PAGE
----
Thursday, July 29, 2010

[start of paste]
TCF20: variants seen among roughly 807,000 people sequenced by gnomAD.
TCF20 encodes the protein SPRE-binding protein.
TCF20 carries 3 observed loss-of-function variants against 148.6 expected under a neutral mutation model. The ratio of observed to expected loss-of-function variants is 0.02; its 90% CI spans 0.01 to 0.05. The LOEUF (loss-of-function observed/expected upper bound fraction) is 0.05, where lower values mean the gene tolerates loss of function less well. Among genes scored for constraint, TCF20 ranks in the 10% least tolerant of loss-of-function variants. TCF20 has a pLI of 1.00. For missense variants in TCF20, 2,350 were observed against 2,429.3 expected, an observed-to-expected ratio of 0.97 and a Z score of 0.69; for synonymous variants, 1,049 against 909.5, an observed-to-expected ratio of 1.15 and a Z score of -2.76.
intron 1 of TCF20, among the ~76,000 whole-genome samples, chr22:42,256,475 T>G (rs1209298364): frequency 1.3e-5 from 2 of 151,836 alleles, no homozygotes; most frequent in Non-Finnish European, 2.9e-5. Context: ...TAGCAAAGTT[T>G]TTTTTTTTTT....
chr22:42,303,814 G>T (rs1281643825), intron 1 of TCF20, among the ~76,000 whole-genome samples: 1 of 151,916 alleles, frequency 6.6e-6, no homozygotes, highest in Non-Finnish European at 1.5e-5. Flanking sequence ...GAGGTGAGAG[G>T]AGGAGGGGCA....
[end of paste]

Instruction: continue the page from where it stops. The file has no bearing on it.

To's first collaboration with indefatigable scenarist / hero of modern cinema Wai Ka-Fai, synopsized (not that that does much good, even for this 75 minute [!] movie): the decline of a widowed (not that the kids know) banker who borrows money from vicious loan sharks after losing his savings in a harebrained horse-betting scheme. A tidbit that leads to something bigger: Story of My Son doesn't start "looking like a Johnnie To movie" (or looking like what Johnnie To movies have looked like since the mid-1990s: an odd mix of neons and funereal colors, with a lot of lively decay in the production design and lurching movements of a camera equipped with a wide-angle lens) until things get really bad and our three-person family unit (father, older son, younger son) hit rock bottom. (Also, as a To variation on a Luigi Comencini movie, was Story of My Son made for me?). Here's how To's group dynamics work (as true of families / marriages in his movies as of the gangs and police squads): individuals struggle as a group towards a shared goal while dealing with struggles of their own (often consciences) the other members of the group are incapable of helping them with. The group constantly buckles and resettles under the weight of individual pressures. The family plunges, but the father and older son have their own descents, too. Bullied and humiliated, they move through a succession of increasingly slummy apartments, eventually ending up in a doorless shack on a roof. By this point, their evenly-lit, upper-middle-class Hong Kong transforms into the massive (in the sense that it seems so much bigger than any one person) / tiny (in the sense that there's no place to hide) city familiar from the movies To and Wai would go on to make together, and they have transformed into post-war Italians.